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Coleen Sterritt: A Study in Opposition

Coleen Sterritt is a sculptor whose work is in the permanent collection of the Museum of Contemporary Art.

Coleen Sterritt is a sculptor whose work is in the permanent collection of the Museum of Contemporary Art.

Noche a Noche, 1981, wood, tar, yucca stalks, paint, 90" x 36” x 36”

Noche a Noche, 1981, wood, tar, yucca stalks, paint, 90″ x 36” x 36”

In “Young Turks,” sculptor Coleen Sterritt discusses the erroneous assumptions some people make about her artwork based on her gender and physical appearance.

“When people meet me, and I say that I’m an artist, that I’m downtown,” Sterritt explains, “they think that I’m going to be making these pink pastel paintings or something, you know, because of how I come across.”

After earning a Bachelor of Fine Arts at the University of Illinois, Urbana-Champaign, Sterritt moved to Downtown Los Angeles and got her master’s degree at Otis Art Institute.

Sterritt rented this loft at 440 Seaton St. in what is now known as the Arts District.

Sterritt rented this loft at 454 Seaton St. in what is now known as the Arts District.

At her studio on Seaton Street (in what is today known as the Arts District), Sterritt constructed a variety of primitive-looking structures: Tripod shapes that supported heavy stones, or giant, skeletal towers that loomed over the viewer at a height of nearly nine feet.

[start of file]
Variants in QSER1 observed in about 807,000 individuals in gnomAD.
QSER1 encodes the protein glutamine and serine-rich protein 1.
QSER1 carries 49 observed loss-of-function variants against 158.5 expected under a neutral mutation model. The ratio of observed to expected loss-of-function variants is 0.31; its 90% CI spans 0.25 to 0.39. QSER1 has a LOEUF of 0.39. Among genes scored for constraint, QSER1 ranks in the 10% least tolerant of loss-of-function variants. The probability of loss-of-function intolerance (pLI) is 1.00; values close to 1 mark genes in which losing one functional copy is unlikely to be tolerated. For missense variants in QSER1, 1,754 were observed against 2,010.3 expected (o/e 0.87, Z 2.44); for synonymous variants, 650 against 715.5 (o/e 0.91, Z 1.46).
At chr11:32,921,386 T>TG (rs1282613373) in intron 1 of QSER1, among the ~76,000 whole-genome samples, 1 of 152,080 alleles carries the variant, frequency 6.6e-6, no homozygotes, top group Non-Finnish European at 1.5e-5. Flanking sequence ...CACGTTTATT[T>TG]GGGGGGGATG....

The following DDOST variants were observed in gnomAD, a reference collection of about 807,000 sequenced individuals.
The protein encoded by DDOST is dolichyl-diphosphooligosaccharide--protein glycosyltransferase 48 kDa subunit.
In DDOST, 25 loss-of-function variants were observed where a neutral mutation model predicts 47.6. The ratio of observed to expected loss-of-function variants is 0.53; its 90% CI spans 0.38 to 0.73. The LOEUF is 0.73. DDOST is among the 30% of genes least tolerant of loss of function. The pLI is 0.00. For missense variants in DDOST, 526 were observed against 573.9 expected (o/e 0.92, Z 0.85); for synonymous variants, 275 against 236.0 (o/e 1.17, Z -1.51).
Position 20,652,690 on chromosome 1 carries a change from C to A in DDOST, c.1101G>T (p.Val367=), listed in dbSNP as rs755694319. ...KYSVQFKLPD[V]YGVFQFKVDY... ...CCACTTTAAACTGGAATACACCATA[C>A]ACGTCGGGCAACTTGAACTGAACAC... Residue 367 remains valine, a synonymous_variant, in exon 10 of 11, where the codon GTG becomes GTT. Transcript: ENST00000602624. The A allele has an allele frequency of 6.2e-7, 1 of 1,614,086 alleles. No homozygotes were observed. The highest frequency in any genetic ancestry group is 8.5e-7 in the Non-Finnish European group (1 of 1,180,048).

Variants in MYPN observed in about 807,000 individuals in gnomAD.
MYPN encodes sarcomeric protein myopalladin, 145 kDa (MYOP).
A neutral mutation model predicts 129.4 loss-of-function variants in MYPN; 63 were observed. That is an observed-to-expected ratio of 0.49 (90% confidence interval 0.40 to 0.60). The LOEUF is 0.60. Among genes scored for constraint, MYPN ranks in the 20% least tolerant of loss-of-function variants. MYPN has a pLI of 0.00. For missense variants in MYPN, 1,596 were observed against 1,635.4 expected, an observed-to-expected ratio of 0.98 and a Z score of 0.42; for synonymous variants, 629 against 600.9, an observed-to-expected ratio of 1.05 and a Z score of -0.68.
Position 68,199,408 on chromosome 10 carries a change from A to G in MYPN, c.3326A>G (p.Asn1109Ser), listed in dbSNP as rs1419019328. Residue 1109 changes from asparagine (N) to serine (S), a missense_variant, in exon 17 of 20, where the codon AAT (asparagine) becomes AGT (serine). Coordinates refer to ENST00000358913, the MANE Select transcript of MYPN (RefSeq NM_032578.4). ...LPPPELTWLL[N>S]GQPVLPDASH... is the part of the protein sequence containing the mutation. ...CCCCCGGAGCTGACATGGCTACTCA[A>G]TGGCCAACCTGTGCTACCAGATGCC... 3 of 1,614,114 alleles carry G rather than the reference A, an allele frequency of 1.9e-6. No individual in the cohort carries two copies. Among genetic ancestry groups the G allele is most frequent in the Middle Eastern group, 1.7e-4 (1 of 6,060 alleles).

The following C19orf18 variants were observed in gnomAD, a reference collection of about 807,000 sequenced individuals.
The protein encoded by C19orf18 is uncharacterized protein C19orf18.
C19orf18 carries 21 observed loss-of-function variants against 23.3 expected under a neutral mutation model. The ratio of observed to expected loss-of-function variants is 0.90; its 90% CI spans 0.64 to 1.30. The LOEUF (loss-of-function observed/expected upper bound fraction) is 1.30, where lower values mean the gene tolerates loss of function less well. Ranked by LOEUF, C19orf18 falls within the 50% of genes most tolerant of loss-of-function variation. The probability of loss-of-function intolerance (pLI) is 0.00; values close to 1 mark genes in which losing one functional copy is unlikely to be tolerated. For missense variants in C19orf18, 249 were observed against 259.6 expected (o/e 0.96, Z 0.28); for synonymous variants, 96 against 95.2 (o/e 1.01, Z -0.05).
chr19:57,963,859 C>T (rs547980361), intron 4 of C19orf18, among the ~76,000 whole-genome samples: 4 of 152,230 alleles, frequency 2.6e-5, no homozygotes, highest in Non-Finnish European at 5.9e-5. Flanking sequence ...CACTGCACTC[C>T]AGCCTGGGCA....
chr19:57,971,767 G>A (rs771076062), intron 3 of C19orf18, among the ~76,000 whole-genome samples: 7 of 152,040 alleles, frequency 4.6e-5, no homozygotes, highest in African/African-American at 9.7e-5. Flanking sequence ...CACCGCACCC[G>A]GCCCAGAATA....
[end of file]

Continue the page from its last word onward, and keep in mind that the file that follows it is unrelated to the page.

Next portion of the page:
“When they see that I make these big, heavy objects, it’s real uncomfortable,” Sterritt says. “It’s not pretty, I mean, it’s big, and it’s heavy, and it’s really like sadistic. It’s real torturous almost. I think it’s real different than what my image comes across as.”

Collect Call to Jimmy from Pinky, 1980, wood, cardboard, tar, hardware 96” x 84” x 132”

Collect Call to Jimmy from Pinky, 1980, wood, cardboard, tar, hardware, 96” x 84” x 132”

The oppositional dynamic of her “feminine” image and her “masculine” work is mirrored in the sculpture itself.

While the structure of a piece may have been “big … heavy … sadistic,” it’s surface decoration would be done in brightly colored paints or obsessively ornate patterns, creating an attraction/repulsion response. “I think the decorative quality could be somewhat of a lure,” Sterritt says in the documentary film, now available on DVD.

The sculptor at work in her Altadena studio.

The sculptor at work in her Altadena studio.

“The work a lot of times, because of the nature of the color and everything, it draws you in,” she continues, “and then after you look at it again, it’s like real gaudy, or it kind of puts you off at the same time.”

Sterritt is still creating complex and dynamic sculptures at the home in Altadena that she shares with her husband, Michael O’Reilly. She continues to present her work in group and solo exhibitions, including the recent show “From the Desert” at the Hudson/Linc gallery at the Pacific Design Center.

Coleen Sterritt resume
For more information on Sterritt’s work, visit coleensterritt.com.

ORDER ‘YOUNG TURKS’ ON DVD

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